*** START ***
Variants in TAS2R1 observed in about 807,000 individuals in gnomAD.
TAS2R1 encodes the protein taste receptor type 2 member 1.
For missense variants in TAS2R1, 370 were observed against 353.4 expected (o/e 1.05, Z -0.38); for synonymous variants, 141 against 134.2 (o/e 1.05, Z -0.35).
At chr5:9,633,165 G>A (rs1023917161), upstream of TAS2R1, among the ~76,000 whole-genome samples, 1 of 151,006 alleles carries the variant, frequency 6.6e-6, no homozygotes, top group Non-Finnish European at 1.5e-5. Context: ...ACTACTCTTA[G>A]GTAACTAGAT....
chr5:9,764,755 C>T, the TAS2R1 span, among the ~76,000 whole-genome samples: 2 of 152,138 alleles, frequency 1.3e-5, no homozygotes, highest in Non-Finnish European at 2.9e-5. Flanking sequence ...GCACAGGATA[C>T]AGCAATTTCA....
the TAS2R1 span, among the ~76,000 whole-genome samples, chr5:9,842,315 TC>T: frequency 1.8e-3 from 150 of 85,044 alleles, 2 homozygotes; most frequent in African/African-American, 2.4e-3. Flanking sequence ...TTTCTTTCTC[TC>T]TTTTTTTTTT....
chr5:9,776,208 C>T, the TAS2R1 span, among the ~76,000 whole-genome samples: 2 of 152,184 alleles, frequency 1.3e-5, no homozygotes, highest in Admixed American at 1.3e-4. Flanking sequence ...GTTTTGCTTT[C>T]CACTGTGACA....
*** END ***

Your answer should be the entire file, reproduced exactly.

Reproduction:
Variants in TAS2R1 observed in about 807,000 individuals in gnomAD.
TAS2R1 encodes the protein taste receptor type 2 member 1.
For missense variants in TAS2R1, 370 were observed against 353.4 expected (o/e 1.05, Z -0.38); for synonymous variants, 141 against 134.2 (o/e 1.05, Z -0.35).
At chr5:9,633,165 G>A (rs1023917161), upstream of TAS2R1, among the ~76,000 whole-genome samples, 1 of 151,006 alleles carries the variant, frequency 6.6e-6, no homozygotes, top group Non-Finnish European at 1.5e-5. Context: ...ACTACTCTTA[G>A]GTAACTAGAT....
chr5:9,764,755 C>T, the TAS2R1 span, among the ~76,000 whole-genome samples: 2 of 152,138 alleles, frequency 1.3e-5, no homozygotes, highest in Non-Finnish European at 2.9e-5. Flanking sequence ...GCACAGGATA[C>T]AGCAATTTCA....
the TAS2R1 span, among the ~76,000 whole-genome samples, chr5:9,842,315 TC>T: frequency 1.8e-3 from 150 of 85,044 alleles, 2 homozygotes; most frequent in African/African-American, 2.4e-3. Flanking sequence ...TTTCTTTCTC[TC>T]TTTTTTTTTT....
chr5:9,776,208 C>T, the TAS2R1 span, among the ~76,000 whole-genome samples: 2 of 152,184 alleles, frequency 1.3e-5, no homozygotes, highest in Admixed American at 1.3e-4. Flanking sequence ...GTTTTGCTTT[C>T]CACTGTGACA....